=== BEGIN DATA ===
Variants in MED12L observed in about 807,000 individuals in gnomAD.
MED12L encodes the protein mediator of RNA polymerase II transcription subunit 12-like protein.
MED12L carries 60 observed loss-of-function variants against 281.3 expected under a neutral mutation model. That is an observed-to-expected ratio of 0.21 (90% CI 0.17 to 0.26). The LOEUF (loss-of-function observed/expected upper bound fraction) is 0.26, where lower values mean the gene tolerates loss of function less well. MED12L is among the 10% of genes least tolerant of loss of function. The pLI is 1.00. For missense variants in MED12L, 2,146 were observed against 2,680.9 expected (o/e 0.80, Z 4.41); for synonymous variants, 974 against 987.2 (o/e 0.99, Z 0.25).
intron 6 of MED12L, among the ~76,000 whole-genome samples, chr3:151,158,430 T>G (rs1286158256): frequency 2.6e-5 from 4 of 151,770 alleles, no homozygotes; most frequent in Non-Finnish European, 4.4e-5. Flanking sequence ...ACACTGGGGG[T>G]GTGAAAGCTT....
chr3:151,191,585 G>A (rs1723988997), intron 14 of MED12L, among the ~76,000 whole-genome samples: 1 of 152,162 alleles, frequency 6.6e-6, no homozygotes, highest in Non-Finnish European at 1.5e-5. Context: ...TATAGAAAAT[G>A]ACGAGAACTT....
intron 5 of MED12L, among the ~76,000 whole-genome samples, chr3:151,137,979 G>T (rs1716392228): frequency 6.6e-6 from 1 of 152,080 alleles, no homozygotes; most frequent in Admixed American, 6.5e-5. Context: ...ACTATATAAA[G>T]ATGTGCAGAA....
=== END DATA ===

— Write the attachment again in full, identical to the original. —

Variants in MED12L observed in about 807,000 individuals in gnomAD.
MED12L encodes the protein mediator of RNA polymerase II transcription subunit 12-like protein.
MED12L carries 60 observed loss-of-function variants against 281.3 expected under a neutral mutation model. That is an observed-to-expected ratio of 0.21 (90% CI 0.17 to 0.26). The LOEUF (loss-of-function observed/expected upper bound fraction) is 0.26, where lower values mean the gene tolerates loss of function less well. MED12L is among the 10% of genes least tolerant of loss of function. The pLI is 1.00. For missense variants in MED12L, 2,146 were observed against 2,680.9 expected (o/e 0.80, Z 4.41); for synonymous variants, 974 against 987.2 (o/e 0.99, Z 0.25).
intron 6 of MED12L, among the ~76,000 whole-genome samples, chr3:151,158,430 T>G (rs1286158256): frequency 2.6e-5 from 4 of 151,770 alleles, no homozygotes; most frequent in Non-Finnish European, 4.4e-5. Flanking sequence ...ACACTGGGGG[T>G]GTGAAAGCTT....
chr3:151,191,585 G>A (rs1723988997), intron 14 of MED12L, among the ~76,000 whole-genome samples: 1 of 152,162 alleles, frequency 6.6e-6, no homozygotes, highest in Non-Finnish European at 1.5e-5. Context: ...TATAGAAAAT[G>A]ACGAGAACTT....
intron 5 of MED12L, among the ~76,000 whole-genome samples, chr3:151,137,979 G>T (rs1716392228): frequency 6.6e-6 from 1 of 152,080 alleles, no homozygotes; most frequent in Admixed American, 6.5e-5. Context: ...ACTATATAAA[G>T]ATGTGCAGAA....